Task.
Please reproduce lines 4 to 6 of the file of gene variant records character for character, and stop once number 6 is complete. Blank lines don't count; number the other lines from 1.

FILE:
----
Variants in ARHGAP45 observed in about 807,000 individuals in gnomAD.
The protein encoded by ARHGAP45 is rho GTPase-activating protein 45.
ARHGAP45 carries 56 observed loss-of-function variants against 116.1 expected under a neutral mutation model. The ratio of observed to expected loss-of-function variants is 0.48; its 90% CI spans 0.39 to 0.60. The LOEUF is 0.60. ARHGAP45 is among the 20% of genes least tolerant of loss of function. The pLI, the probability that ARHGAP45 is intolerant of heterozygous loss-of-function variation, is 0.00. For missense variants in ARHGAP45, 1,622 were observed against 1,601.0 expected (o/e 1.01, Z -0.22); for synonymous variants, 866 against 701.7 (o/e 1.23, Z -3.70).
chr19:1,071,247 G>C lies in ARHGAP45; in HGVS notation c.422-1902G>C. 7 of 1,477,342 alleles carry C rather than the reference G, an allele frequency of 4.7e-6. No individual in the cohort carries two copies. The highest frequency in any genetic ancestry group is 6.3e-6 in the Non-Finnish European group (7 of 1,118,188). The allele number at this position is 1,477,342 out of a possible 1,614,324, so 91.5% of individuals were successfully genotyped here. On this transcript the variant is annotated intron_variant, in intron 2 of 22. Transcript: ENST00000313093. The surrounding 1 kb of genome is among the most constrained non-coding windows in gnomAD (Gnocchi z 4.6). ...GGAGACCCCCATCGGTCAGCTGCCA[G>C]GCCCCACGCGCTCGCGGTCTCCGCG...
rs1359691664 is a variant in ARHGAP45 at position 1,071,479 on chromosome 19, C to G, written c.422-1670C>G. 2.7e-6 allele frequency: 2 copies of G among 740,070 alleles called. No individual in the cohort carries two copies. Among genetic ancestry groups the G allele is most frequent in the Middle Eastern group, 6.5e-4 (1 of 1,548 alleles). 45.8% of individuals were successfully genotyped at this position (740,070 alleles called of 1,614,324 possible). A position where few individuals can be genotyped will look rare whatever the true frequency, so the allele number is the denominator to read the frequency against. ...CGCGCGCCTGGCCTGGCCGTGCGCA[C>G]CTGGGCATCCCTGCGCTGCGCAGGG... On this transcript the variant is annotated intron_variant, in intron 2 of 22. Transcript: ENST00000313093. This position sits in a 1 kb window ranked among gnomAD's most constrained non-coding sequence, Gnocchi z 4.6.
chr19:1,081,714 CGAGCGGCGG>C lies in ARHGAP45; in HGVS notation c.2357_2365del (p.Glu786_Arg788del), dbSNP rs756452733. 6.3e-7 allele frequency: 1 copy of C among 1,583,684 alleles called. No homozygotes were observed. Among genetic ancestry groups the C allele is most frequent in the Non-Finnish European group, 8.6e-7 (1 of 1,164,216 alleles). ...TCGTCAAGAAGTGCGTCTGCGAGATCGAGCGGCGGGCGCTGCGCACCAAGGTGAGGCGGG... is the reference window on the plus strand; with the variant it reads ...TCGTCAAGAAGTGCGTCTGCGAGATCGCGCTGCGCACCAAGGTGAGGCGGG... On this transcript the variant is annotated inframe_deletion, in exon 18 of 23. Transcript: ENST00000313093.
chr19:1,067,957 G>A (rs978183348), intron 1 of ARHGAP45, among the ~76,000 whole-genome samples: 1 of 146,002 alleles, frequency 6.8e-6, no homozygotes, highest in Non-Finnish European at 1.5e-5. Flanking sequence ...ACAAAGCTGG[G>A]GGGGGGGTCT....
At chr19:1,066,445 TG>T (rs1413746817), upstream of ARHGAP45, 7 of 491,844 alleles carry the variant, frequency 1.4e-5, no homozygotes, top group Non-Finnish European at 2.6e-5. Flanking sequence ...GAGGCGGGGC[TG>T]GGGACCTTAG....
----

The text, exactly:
chr19:1,071,247 G>C lies in ARHGAP45; in HGVS notation c.422-1902G>C. 7 of 1,477,342 alleles carry C rather than the reference G, an allele frequency of 4.7e-6. No individual in the cohort carries two copies. The highest frequency in any genetic ancestry group is 6.3e-6 in the Non-Finnish European group (7 of 1,118,188). The allele number at this position is 1,477,342 out of a possible 1,614,324, so 91.5% of individuals were successfully genotyped here. On this transcript the variant is annotated intron_variant, in intron 2 of 22. Transcript: ENST00000313093. The surrounding 1 kb of genome is among the most constrained non-coding windows in gnomAD (Gnocchi z 4.6). ...GGAGACCCCCATCGGTCAGCTGCCA[G>C]GCCCCACGCGCTCGCGGTCTCCGCG...
rs1359691664 is a variant in ARHGAP45 at position 1,071,479 on chromosome 19, C to G, written c.422-1670C>G. 2.7e-6 allele frequency: 2 copies of G among 740,070 alleles called. No individual in the cohort carries two copies. Among genetic ancestry groups the G allele is most frequent in the Middle Eastern group, 6.5e-4 (1 of 1,548 alleles). 45.8% of individuals were successfully genotyped at this position (740,070 alleles called of 1,614,324 possible). A position where few individuals can be genotyped will look rare whatever the true frequency, so the allele number is the denominator to read the frequency against. ...CGCGCGCCTGGCCTGGCCGTGCGCA[C>G]CTGGGCATCCCTGCGCTGCGCAGGG... On this transcript the variant is annotated intron_variant, in intron 2 of 22. Transcript: ENST00000313093. This position sits in a 1 kb window ranked among gnomAD's most constrained non-coding sequence, Gnocchi z 4.6.
chr19:1,081,714 CGAGCGGCGG>C lies in ARHGAP45; in HGVS notation c.2357_2365del (p.Glu786_Arg788del), dbSNP rs756452733. 6.3e-7 allele frequency: 1 copy of C among 1,583,684 alleles called. No homozygotes were observed. Among genetic ancestry groups the C allele is most frequent in the Non-Finnish European group, 8.6e-7 (1 of 1,164,216 alleles). ...TCGTCAAGAAGTGCGTCTGCGAGATCGAGCGGCGGGCGCTGCGCACCAAGGTGAGGCGGG... is the reference window on the plus strand; with the variant it reads ...TCGTCAAGAAGTGCGTCTGCGAGATCGCGCTGCGCACCAAGGTGAGGCGGG... On this transcript the variant is annotated inframe_deletion, in exon 18 of 23. Transcript: ENST00000313093.